Via Thinkprogress, we learn of former Senator Rick Santorum's extreme position on a woman's right to choose. He was being interviewed by David Gregory when this exchange occurred:
    QUESTION: Do you believe that there should be any legal exceptions for rape or incest when it comes to abortion?

    SANTORUM: I believe that life begins at conception, and that that life should be guaranteed under the Constitution. That is a person. [Emphasis added.]

    QUESTION: So even in the case of rape or incest, that would be taking a life?

    SANTORUM: That would be taking a life, and I believe that any doctor that performs an abortion, I would advocate that any doctor that performs an abortion, should be criminally charged for doing so.
    And in doing so, in using the word "person," Rick's blowing a dog whistle to the anti-choice crowd he's hoping would support him in his presidential race.

    Not that his anti-choice position was much of a secret. He recently debated Rev Al Sharpton on this topic in the philosophically friendly confines of the Sean Hannity show. In doing so, he brought up a hitherto unknown (at least to me) racial position on choice/personhood:
    Former Sen. Rick Santorum, perennially a potential Presidential candidate, is not going on the defensive for his recent comment that President Barack Obama’s stance on abortion was particularly shocking based on his race. In fact, he is so sure of his position that he was willing to defend it in the face of one of America’s loudest race crusaders, Rev. Al Sharpton. Sean Hannity gave the a couple of segment on his show tonight, popped the proverbial popcorn, and let the games begin.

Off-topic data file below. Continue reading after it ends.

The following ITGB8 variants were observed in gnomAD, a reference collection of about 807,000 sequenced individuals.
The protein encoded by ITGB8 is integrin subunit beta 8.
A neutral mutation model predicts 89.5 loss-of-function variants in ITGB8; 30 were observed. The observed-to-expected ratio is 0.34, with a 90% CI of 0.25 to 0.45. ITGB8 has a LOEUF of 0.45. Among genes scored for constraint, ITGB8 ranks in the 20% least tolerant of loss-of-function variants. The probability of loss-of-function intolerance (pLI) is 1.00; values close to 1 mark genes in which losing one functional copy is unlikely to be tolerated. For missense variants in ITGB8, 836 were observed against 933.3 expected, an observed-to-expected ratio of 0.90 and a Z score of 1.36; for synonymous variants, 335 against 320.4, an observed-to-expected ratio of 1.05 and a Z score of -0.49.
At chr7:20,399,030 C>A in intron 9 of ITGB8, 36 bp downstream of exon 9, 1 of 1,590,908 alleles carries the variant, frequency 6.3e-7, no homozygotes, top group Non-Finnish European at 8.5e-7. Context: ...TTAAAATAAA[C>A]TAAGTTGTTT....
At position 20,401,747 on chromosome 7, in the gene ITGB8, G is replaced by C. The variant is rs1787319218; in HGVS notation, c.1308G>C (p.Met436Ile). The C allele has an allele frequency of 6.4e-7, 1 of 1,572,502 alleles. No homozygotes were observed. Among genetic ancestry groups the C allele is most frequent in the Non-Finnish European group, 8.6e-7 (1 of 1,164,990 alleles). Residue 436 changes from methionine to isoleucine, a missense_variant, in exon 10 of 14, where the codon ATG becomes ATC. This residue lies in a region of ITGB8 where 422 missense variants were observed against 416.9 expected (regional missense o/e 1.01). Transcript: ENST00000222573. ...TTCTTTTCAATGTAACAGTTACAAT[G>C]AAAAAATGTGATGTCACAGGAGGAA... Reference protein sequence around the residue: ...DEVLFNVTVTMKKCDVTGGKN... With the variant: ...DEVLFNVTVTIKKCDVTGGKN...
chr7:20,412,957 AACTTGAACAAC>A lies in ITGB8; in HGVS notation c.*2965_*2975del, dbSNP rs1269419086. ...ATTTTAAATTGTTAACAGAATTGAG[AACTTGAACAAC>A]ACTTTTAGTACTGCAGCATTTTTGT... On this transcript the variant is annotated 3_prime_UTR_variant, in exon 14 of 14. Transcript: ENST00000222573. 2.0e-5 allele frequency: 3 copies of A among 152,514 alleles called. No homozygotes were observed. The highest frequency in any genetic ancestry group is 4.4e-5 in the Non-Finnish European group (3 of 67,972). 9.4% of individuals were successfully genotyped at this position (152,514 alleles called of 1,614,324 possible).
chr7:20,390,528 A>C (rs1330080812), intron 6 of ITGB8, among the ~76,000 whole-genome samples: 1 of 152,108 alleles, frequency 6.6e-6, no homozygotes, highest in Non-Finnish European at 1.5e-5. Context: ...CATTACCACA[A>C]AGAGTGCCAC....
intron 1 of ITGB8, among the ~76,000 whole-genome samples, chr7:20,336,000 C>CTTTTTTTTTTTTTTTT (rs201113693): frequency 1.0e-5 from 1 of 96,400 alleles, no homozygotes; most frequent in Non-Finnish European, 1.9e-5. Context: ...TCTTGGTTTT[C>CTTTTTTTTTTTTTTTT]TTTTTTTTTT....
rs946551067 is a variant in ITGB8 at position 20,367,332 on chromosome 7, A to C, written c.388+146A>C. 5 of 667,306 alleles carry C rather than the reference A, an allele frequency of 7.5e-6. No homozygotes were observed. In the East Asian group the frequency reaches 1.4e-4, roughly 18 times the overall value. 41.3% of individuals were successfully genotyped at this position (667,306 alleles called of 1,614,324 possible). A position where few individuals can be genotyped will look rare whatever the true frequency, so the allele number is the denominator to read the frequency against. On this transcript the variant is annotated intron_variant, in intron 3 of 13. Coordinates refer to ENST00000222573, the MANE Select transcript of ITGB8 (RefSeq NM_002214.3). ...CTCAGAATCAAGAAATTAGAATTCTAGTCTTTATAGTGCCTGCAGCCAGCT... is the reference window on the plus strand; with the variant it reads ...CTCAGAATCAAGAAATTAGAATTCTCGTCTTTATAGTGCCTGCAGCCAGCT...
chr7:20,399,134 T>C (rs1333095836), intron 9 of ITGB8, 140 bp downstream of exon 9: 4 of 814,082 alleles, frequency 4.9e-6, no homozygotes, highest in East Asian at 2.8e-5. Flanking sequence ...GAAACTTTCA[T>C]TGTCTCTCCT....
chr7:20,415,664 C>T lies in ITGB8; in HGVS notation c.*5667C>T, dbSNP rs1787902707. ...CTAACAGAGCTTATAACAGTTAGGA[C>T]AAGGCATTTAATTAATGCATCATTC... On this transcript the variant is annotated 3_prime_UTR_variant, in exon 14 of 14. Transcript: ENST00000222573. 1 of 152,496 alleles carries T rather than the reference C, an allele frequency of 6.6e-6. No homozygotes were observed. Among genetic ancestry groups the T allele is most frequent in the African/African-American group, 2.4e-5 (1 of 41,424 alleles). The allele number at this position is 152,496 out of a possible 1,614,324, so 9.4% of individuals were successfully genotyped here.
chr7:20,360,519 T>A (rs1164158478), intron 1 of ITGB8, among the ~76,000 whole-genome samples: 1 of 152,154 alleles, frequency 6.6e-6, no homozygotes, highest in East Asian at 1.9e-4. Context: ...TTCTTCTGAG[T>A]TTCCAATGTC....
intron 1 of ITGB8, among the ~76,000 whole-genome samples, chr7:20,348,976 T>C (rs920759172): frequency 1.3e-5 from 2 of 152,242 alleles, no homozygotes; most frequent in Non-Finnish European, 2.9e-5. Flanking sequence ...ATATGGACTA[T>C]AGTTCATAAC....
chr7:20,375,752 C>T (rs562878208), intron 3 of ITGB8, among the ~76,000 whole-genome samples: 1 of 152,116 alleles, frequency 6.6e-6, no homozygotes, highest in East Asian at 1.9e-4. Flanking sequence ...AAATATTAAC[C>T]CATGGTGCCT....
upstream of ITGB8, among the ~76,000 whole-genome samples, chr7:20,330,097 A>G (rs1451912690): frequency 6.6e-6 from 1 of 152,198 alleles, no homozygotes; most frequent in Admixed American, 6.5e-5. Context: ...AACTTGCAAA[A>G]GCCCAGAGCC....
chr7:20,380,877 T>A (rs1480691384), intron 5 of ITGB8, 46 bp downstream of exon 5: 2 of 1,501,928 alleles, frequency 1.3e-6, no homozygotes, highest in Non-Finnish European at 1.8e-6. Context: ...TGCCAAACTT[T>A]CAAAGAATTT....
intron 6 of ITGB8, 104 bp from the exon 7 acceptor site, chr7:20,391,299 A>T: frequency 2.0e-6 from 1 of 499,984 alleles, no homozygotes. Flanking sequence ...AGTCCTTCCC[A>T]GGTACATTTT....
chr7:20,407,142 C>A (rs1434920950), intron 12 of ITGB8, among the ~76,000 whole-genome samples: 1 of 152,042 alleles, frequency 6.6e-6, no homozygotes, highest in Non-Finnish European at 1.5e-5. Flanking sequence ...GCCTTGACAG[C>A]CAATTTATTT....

But this is a good opportunity to take a look at the "personhood" legislation oozing through some state legislatures. NARAL has a definition:
    Members of the anti-choice “personhood” movement are launching a comprehensive assault on reproductive rights at the state level through legislation and ballot initiatives. These measures attempt to redefine "personhood" either by creating a legal definition for when life begins or by conferring legal rights upon a fertilized egg. In addition to outlawing abortion, these efforts could lead to bans on many common forms of birth control, and on stem-cell research and invitro fertilization.

    By doing so, these proposals are designed to challenge Roe and eliminate the constitutional rights recognized therein. According to the anti-choice group Personhood USA, which claims operations in at least 30 states, “the common thread among all of these efforts is the goal to fill what is becoming known as the ‘Blackmun Hole’ in Roe v. Wade. This is where Justice Blackmun implied in the Roe v. Wade decision that if the case were established that the pre-born was a person, the argument for abortion collapses.”